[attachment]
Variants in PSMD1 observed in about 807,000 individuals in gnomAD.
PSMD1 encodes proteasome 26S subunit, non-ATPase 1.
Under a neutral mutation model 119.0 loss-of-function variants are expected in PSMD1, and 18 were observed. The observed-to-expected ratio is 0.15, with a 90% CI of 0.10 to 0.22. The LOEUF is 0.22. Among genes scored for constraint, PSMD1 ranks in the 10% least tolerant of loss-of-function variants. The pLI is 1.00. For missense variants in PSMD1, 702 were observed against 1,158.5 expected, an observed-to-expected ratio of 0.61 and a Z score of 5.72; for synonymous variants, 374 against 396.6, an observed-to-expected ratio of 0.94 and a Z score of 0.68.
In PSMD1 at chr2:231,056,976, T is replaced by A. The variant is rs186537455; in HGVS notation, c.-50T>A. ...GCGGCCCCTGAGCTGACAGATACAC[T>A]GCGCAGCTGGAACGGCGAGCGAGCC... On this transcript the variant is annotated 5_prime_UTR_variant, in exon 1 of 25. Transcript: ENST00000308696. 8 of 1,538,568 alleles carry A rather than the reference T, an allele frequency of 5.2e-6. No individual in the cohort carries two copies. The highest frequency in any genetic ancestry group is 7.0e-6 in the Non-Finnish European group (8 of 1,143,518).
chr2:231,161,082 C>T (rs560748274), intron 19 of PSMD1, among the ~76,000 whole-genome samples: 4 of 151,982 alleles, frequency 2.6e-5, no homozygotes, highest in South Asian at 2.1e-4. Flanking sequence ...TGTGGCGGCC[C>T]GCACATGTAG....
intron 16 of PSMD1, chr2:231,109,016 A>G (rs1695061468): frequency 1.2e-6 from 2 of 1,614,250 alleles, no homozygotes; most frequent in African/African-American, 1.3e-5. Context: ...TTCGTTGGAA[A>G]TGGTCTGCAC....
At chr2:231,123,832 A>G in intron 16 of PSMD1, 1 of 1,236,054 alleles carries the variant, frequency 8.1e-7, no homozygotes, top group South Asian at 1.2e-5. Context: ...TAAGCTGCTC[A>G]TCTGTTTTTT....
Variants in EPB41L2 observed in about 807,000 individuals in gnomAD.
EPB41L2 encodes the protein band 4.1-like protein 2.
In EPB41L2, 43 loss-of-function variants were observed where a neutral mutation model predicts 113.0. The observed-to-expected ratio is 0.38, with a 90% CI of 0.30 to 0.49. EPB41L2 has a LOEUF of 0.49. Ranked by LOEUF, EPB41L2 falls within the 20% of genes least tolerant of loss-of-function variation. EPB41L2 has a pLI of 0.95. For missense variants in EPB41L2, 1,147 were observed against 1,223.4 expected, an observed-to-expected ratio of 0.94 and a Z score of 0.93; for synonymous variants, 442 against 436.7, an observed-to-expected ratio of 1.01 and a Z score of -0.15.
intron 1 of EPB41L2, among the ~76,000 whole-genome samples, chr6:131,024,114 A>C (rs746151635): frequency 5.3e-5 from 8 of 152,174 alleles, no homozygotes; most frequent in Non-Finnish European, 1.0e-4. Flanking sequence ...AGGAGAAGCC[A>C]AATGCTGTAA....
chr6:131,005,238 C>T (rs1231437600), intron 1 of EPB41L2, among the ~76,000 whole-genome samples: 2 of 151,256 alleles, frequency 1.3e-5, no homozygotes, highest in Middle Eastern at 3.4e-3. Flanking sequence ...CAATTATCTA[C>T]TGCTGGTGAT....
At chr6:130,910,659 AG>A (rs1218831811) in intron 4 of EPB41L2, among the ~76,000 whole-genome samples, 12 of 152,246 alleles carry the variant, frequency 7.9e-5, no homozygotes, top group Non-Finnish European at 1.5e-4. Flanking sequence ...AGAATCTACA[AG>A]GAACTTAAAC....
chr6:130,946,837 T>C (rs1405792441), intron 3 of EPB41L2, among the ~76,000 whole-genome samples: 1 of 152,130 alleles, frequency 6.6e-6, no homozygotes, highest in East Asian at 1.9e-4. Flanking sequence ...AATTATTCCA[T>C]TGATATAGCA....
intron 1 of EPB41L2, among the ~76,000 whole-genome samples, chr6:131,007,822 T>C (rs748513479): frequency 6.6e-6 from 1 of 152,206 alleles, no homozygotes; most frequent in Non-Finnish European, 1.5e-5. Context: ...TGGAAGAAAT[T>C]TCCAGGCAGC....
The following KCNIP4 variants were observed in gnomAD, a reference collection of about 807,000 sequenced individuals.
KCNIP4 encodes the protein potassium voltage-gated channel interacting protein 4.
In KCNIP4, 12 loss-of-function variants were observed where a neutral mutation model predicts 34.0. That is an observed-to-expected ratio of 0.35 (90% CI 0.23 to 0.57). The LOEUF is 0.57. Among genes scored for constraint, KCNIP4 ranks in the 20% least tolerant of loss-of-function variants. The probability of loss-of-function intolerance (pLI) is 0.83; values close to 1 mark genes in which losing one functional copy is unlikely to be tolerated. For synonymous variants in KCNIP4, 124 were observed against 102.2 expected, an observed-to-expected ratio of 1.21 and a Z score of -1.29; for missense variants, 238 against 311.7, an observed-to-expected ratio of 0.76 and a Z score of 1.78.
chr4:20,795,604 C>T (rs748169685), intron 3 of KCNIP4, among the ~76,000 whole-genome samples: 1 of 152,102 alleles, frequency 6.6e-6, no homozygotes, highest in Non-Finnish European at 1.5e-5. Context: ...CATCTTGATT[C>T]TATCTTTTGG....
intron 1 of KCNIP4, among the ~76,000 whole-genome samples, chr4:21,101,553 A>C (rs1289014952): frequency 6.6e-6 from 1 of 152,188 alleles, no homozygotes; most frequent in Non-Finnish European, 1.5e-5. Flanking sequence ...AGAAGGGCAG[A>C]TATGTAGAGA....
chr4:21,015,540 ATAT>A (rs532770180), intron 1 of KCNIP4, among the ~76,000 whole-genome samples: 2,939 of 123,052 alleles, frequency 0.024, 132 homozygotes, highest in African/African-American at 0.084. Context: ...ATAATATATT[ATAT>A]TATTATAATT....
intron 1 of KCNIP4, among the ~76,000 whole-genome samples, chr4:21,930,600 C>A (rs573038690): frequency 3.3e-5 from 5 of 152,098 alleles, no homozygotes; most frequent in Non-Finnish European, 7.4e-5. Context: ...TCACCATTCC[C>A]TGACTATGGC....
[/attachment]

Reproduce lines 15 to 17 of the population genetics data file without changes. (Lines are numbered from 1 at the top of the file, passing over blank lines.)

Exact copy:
intron 1 of EPB41L2, among the ~76,000 whole-genome samples, chr6:131,007,822 T>C (rs748513479): frequency 6.6e-6 from 1 of 152,206 alleles, no homozygotes; most frequent in Non-Finnish European, 1.5e-5. Context: ...TGGAAGAAAT[T>C]TCCAGGCAGC....
The following KCNIP4 variants were observed in gnomAD, a reference collection of about 807,000 sequenced individuals.
KCNIP4 encodes the protein potassium voltage-gated channel interacting protein 4.